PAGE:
The Government has announced a new study that hopes to give them a better understand how the creative sector interacts with the copyright and designs regimes in the context of a rapidly changing technological landscape, as World Intellectual Property Day lands.
Commerce and Consumer Affairs Minister Paul Goldsmith is acknowledging World Intellectual Property Day, an international initiative celebrating the role intellectual property plays in fostering human innovation and creativity.
“In our increasingly knowledge-driven economy, intellectual property is of growing importance to New Zealand businesses,” says Goldsmith.
“Every year around 30,000 trade mark, patent, design and plant variety rights applications are made by individuals and businesses to the Intellectual Property Office (IPONZ),” he explains.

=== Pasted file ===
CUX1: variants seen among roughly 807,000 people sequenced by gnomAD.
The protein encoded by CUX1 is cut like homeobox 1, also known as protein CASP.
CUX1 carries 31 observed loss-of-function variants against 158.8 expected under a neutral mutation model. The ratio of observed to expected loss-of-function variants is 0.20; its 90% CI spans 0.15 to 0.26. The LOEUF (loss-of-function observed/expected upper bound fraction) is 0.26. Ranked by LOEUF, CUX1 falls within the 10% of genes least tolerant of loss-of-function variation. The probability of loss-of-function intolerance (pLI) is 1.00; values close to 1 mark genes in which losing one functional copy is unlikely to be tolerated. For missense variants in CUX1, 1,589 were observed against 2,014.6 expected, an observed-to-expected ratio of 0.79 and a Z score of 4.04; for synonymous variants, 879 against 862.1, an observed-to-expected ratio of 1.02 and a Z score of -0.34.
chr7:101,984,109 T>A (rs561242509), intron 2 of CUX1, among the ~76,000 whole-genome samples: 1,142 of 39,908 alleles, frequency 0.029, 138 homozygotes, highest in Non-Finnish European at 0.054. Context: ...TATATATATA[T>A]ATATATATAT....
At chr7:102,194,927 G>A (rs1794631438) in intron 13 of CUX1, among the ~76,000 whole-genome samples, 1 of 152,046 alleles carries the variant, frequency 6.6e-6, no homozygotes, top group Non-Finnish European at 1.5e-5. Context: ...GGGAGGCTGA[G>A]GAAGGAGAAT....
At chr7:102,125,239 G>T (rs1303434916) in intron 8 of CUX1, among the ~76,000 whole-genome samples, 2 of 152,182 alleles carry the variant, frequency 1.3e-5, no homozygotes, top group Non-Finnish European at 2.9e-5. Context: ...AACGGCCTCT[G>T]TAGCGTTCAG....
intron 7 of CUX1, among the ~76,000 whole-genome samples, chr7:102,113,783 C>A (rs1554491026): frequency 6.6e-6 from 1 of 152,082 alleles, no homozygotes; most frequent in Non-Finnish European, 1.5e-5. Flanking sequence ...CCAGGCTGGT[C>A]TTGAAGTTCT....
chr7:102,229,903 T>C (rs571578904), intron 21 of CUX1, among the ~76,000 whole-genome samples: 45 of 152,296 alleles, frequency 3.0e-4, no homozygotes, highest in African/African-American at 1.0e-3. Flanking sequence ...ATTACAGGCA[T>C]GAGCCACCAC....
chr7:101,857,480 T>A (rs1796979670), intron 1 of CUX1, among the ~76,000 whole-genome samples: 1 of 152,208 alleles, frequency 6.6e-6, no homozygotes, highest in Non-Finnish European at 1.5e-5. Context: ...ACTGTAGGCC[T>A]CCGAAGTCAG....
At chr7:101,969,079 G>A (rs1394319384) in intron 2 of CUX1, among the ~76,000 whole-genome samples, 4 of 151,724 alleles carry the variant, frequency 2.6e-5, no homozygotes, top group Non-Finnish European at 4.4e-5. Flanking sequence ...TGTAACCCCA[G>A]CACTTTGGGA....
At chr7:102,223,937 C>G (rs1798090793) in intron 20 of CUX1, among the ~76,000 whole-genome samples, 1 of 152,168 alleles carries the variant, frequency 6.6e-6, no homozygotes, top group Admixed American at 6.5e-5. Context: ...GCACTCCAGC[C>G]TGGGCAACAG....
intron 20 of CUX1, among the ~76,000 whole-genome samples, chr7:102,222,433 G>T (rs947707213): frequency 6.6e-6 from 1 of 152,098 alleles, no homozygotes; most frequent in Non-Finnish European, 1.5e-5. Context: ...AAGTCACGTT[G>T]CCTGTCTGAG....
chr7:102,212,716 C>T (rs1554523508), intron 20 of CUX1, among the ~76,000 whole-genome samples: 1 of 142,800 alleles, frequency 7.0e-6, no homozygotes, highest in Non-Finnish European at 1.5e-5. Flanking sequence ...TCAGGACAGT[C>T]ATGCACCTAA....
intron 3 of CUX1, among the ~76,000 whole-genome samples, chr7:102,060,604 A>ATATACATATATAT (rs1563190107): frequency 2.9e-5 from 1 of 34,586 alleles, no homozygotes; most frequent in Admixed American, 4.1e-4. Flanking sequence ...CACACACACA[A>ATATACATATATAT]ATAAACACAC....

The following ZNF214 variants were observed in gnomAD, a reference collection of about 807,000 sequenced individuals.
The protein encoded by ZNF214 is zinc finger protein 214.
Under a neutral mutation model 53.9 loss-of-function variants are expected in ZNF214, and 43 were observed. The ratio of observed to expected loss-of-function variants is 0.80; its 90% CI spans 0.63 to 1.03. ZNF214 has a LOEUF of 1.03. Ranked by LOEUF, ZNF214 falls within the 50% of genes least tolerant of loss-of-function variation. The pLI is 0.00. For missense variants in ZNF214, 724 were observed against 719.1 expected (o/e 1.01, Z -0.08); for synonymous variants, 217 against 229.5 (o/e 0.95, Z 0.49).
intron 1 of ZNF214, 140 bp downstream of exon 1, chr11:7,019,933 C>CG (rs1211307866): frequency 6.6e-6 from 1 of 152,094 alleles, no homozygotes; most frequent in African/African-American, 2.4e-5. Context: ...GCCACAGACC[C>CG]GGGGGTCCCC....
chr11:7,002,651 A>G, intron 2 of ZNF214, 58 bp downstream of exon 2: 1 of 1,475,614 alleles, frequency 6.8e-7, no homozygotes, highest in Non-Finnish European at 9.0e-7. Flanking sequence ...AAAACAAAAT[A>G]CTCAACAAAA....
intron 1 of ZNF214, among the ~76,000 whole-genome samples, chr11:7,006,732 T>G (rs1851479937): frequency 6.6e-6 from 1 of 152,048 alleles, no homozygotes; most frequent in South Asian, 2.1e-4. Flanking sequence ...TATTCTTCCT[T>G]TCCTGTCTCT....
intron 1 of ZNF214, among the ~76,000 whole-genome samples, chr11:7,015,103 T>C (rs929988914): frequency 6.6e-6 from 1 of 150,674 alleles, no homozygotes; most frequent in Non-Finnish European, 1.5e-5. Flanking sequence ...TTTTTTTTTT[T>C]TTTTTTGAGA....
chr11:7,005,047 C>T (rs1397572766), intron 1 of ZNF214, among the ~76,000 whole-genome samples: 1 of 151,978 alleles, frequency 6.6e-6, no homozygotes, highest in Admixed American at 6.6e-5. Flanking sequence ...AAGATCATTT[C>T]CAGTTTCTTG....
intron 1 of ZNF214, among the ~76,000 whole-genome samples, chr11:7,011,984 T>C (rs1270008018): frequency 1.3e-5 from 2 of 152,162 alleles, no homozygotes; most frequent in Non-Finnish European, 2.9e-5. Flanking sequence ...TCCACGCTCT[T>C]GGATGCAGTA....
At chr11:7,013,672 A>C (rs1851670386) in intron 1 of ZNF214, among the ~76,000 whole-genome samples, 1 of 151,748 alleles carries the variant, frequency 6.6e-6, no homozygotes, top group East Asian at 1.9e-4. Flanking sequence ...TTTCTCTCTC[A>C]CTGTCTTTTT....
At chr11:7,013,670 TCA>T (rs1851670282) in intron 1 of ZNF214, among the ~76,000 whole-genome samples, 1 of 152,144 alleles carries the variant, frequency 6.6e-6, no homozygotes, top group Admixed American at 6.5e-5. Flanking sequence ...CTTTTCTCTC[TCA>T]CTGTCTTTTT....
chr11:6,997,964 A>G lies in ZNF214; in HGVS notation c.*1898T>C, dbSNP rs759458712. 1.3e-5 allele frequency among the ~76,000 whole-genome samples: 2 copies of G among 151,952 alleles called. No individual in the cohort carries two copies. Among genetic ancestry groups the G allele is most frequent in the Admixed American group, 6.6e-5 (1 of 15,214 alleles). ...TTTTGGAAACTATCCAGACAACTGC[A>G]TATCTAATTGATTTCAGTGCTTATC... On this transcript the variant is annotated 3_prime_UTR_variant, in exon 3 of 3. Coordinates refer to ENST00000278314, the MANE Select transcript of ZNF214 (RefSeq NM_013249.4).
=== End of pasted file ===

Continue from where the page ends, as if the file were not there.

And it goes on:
“I want to ensure New Zealanders continue to benefit from their creativity and innovation with a robust intellectual property regime that supports the development of new and forward thinking products and services,” Goldsmith says.
The Creative Sector Study, led by the Ministry of Business, Innovation and Employment, is currently underway to gain a better understanding of how the creative sector interacts with the copyright and designs regimes in the context of a rapidly changing technological landscape, Goldsmith says.
“The study is part of a broader government work programme to ensure that different regulatory systems, such as intellectual property and communications regulation, work together to promote economic growth in our constantly evolving digital economy,” he says.
Those wanting to be involved in the Creative Sector Study or to find out more can click here.